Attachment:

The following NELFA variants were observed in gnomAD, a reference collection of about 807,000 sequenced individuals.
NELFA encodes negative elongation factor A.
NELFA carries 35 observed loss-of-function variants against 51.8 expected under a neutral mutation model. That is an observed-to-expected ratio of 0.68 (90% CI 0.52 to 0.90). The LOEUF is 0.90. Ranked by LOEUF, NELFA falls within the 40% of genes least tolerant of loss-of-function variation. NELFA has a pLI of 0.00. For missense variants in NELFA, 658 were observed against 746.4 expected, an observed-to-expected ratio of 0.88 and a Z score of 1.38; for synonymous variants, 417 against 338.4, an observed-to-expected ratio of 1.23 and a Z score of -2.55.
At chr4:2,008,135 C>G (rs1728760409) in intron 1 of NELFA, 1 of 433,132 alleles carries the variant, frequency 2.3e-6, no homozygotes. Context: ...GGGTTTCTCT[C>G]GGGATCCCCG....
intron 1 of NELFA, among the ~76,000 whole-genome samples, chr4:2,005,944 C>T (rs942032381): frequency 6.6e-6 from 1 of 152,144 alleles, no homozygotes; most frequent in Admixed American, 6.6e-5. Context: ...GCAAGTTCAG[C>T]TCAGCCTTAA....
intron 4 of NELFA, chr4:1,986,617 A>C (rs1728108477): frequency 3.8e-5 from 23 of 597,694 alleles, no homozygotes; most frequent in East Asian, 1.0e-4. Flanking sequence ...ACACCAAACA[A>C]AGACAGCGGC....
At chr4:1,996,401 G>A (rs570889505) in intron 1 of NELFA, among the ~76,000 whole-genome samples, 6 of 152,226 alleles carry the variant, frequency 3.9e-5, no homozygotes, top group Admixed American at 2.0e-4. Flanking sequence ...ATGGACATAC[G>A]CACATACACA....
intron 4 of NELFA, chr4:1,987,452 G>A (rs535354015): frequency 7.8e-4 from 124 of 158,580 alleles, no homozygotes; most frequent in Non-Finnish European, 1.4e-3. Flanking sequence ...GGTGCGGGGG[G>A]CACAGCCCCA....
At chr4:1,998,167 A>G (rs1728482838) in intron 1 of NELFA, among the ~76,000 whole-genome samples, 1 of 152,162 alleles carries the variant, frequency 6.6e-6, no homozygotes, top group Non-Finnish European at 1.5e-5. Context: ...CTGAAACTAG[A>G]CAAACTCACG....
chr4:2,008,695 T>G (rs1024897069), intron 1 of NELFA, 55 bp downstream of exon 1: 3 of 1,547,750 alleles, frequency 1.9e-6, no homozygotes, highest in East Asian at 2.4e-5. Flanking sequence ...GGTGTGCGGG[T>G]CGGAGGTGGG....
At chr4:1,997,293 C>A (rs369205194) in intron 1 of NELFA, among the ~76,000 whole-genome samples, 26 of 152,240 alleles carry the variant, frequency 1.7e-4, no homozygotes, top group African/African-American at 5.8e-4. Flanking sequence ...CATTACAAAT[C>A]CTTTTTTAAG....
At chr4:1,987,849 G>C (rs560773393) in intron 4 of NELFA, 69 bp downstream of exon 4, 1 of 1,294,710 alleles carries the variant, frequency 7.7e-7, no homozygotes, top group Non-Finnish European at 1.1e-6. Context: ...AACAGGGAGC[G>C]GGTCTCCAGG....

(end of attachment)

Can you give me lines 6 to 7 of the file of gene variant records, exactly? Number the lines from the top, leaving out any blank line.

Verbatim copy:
intron 4 of NELFA, chr4:1,986,617 A>C (rs1728108477): frequency 3.8e-5 from 23 of 597,694 alleles, no homozygotes; most frequent in East Asian, 1.0e-4. Flanking sequence ...ACACCAAACA[A>C]AGACAGCGGC....
At chr4:1,996,401 G>A (rs570889505) in intron 1 of NELFA, among the ~76,000 whole-genome samples, 6 of 152,226 alleles carry the variant, frequency 3.9e-5, no homozygotes, top group Admixed American at 2.0e-4. Flanking sequence ...ATGGACATAC[G>A]CACATACACA....